When Fjordr first looked at the East Coast War Channels in the First and Second World War, a decision was made to draw a southern boundary between the War Channels and the Dover Sector along an east-west line just to the south of North Foreland. The focus of the War Channels was to the north of this line because the Dover Sector presented a very much more complex picture that would have distorted the intended focus on the conflict over civilian shipping along the length of the east coast.
Historic England were keen, however, that the landscape approach taken to the War Channels should also be applied to the south east, resulting in a separate project to address the specific complexities of the Dover Sector.
The conflict over the East Coast War Channels largely took place quite close inshore, within the 12-mile limit of today’s UK territorial waters. In contrast, the Dover Sector reaches right across from England to the Continental shore: it is hardly possible to make sense of the Dover Sector in either the First or Second World War by looking only at what happened in English waters; and the significance of the heritage sites – such as ship- and aircraft wrecks – derives in part from activities and events in the waters of the Netherlands, Belgium and France.
Accordingly, the boundaries of the Dover Sector project are, in the north east, a line from North Foreland to Westkapelle in the Netherlands and, in the south west, a line from Dungeness to Le Touquet. The Continental coast included in the project area encompasses the Western Scheldt, Zeebrugge, Ostend, Dunkirk, Calais, Boulogne and Etaples – names that resonate as much as Dover, Folkestone and Ramsgate.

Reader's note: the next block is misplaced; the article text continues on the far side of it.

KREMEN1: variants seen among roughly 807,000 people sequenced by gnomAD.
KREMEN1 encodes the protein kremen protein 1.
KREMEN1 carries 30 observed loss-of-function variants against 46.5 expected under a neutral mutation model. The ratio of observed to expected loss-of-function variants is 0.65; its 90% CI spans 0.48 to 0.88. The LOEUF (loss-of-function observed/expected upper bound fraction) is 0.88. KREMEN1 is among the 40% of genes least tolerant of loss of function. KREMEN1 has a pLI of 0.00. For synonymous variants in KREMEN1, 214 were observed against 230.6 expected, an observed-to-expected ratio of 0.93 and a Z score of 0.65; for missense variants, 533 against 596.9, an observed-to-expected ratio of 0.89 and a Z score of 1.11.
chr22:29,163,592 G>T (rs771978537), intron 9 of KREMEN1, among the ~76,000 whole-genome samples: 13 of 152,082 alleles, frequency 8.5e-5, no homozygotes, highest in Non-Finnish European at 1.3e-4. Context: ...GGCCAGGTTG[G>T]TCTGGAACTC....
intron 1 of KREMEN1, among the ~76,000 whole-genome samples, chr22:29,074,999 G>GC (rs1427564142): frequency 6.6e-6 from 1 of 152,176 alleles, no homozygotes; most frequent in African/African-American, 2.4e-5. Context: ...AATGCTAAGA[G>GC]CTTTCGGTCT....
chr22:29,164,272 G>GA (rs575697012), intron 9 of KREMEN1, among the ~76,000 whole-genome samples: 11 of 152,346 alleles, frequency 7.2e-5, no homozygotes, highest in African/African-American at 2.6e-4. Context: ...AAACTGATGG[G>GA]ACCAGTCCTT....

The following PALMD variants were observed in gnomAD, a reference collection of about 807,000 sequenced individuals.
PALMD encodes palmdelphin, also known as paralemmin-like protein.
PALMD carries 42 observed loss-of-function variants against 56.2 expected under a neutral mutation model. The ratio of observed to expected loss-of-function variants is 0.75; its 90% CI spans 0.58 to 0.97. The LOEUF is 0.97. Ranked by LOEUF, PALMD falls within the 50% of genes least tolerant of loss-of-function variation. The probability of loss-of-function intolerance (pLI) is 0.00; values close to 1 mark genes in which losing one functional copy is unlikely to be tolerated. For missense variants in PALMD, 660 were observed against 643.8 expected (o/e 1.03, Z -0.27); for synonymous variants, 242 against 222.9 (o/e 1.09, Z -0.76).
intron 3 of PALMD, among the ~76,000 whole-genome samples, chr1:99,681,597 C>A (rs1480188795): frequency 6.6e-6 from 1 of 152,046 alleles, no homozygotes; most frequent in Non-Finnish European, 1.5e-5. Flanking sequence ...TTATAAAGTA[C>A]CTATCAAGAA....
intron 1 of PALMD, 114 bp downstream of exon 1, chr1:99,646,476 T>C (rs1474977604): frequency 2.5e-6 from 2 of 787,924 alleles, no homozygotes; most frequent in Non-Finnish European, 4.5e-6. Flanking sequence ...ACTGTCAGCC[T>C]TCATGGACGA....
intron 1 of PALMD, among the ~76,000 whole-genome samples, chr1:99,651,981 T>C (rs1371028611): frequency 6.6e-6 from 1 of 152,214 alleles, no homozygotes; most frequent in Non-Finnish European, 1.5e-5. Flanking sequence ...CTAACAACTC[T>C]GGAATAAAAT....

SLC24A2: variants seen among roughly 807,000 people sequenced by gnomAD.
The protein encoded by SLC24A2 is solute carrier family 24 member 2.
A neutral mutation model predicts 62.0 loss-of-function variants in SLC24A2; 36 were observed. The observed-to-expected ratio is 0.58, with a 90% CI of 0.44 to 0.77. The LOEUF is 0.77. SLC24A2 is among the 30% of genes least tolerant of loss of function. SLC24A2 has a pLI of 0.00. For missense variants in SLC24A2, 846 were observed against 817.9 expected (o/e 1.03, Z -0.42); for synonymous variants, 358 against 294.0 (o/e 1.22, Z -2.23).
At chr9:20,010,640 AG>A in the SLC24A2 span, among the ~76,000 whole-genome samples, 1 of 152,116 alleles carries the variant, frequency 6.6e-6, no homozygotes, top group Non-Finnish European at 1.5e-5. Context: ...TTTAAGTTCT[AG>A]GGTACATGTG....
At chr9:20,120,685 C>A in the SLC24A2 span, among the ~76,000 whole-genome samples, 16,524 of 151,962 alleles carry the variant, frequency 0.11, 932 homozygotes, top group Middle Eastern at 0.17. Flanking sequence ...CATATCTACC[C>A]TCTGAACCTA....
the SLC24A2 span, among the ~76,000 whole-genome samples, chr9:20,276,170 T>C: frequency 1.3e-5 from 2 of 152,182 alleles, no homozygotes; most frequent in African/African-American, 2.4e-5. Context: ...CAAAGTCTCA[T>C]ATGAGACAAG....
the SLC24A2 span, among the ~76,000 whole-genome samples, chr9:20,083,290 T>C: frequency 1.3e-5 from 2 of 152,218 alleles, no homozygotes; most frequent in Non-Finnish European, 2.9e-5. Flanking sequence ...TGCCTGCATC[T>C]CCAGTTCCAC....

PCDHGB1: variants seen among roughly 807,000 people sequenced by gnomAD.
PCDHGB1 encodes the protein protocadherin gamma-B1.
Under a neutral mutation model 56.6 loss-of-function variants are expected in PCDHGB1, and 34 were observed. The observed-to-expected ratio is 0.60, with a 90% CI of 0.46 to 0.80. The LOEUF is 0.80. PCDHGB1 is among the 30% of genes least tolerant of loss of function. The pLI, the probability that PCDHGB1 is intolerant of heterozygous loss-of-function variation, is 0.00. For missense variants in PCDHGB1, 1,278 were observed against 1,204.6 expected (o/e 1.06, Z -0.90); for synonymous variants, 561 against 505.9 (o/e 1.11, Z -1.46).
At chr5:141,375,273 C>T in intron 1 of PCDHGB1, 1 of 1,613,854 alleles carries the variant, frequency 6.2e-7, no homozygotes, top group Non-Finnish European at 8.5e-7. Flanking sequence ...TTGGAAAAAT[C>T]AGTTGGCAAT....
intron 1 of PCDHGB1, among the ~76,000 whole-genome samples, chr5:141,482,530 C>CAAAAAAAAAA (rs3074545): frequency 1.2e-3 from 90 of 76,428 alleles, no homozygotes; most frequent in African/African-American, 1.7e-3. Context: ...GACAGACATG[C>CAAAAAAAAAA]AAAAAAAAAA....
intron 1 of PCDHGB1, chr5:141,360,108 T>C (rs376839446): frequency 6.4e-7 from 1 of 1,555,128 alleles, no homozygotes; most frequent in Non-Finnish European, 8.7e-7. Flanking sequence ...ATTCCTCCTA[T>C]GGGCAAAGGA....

The project is focussing on the surviving remains of the First and Second World War in the Dover Sector, especially those that fall within the remit of Historic England’s advice. As well as sites in the marine area, the project is also addressing sites on land whose primary role was related to the war at sea, such as the infrastructure of wireless, coastguard and air stations.
Of course, these conflicts did not keep to neat geographical or thematic boundaries, but the intention is to help place individual heritage assets within their wider landscapes, and to show how these landscapes related to each other and changed over time, within and between the two wars. There are some key commonalities between the war at sea in the Dover Sector in the First and Second World War; but also some important contrasts.
As well as looking at heritage sites and landscapes, the Dover Sector project is seeking to raise public awareness of the war at sea in the First World War in particular, to coincide with the current centenary. As a result, Fjordr is working with the CBA’s Home Front Legacy project, CITiZAN and other national and local organisations to draw attention to the First World War at sea and to encourage people to get involved in recording archaeological sites.
The results of the Dover Sector project will be made available in a report online and other material. Please watch this space and look out for #DoverSector on Twitter.